Often, a variety of evangelicals have charged those identified as Emerging with cultural accommodation, which I am sure is correct in some instances and in some degree. The irony is that many Evangelicals, particularly of the Reformed variety, have accommodated culture as well, but in different ways, in ways that bring them into conflict with the ways the Emerging movement may have accommodated culture. Regarding the spread of the Gospel, however, there is always a need to meet people where they are, which is to say that Gospel is always incarnating itself to meet people within their framework, and from within transform it. In communicating the Gospel, the Church needs to engage culture in a discerning way, and all who name Christ need to be aware that we all are blind in our own particular ways, which is why it is important to hear the voices of brothers and sisters from across cultural, denominational, and historical lines.

    I think where the Emerging Church gets it right is to question the ways the modern Church, particularly Evangelical Protestantism, capitulates to concepts of truth and knowledge that we have inherited from our Early Modern and Enlightenment ancestors, ways which do not necessarily accord with how the Early Church understood the nature of the truth, or how the Gospel is embodied in life. This is not to say that we all need to turn back the clock and do all the things that the Early Church did, as they too had their shortcomings. However, we do need to reverently listen to those voices, for in doing so the Spirit will enable us to identify the ways we are blind to the fullness of the Gospel, because of how our culture negatively influences us to view the world and interpret God’s word.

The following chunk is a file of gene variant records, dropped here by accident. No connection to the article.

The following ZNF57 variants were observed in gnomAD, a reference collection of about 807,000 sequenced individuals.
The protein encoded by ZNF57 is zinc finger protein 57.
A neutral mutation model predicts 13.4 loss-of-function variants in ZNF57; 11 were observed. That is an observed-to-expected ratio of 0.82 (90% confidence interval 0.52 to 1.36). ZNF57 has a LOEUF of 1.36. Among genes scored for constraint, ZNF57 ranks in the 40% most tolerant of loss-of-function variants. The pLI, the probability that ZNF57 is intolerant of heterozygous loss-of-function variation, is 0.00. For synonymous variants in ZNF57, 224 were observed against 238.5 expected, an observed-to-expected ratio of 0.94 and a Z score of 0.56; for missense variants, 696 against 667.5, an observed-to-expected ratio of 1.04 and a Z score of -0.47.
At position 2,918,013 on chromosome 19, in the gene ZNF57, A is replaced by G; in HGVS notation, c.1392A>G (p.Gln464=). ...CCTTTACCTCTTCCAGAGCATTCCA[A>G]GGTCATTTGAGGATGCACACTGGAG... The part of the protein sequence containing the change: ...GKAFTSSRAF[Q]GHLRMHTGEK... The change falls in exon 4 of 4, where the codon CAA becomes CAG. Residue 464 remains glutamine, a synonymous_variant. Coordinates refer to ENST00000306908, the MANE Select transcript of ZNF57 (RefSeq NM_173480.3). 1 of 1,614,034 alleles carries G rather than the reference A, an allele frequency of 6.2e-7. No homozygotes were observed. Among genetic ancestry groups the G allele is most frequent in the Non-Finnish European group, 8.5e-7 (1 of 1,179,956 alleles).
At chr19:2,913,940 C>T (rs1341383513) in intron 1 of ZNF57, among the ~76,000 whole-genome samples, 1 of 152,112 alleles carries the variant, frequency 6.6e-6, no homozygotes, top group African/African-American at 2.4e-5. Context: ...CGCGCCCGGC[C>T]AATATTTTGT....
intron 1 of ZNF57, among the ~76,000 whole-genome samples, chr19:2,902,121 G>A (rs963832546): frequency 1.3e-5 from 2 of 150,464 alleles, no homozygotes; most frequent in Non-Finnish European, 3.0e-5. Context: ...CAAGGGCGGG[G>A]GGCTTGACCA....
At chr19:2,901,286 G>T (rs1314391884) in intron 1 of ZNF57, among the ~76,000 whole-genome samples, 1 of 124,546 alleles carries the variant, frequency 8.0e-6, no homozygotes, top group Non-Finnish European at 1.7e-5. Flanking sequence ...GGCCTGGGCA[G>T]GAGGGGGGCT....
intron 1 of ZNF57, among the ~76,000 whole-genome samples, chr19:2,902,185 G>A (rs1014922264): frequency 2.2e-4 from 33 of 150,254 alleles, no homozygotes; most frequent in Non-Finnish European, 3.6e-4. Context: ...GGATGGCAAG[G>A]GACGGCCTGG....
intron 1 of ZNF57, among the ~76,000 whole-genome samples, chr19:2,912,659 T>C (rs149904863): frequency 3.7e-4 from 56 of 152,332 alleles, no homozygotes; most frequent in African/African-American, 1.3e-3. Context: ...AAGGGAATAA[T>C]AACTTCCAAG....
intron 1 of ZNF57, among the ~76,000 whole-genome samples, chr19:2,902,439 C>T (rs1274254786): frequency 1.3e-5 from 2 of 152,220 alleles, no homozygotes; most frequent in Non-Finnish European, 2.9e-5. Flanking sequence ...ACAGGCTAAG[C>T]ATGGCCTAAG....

9. Jackie  

    Touche & also, I agree with you.

    If I seemed hard or shut toward the Emerging church movement I apologize. I could only attribute that tendency towards my previous experience with authors like Rob Bell, Shane Claibourne, and Donald Miller. I was caught up in the Emerging Church ideas while attending FPU and it wasn’t until I took a step back to see what these people were pointing me to, that I realized they were only pointing me towards doing works of social justice, ideas of community, and they overall, just had a very liberal view of the Bible. I wasn’t pointed to Christ, and I had no biblical understanding of sin. They seemed to understand the gospel as doing works of social justice, but if that is all the gospel had to offer then… that would be a pretty shallow gospel.

    Now, I do want to agree with your suggestion that it is not wise to make generalizations, so indeed, I certainly cannot attribute this single three-year experience to ALL Emergent Church people. I do believe that it is good to as you said, “to winnow out the wheat from the chaff” and hear out our brothers and sisters in this category. 🙂 It is likely that my view of the Emerging Church is a little bias to my experience. 🙂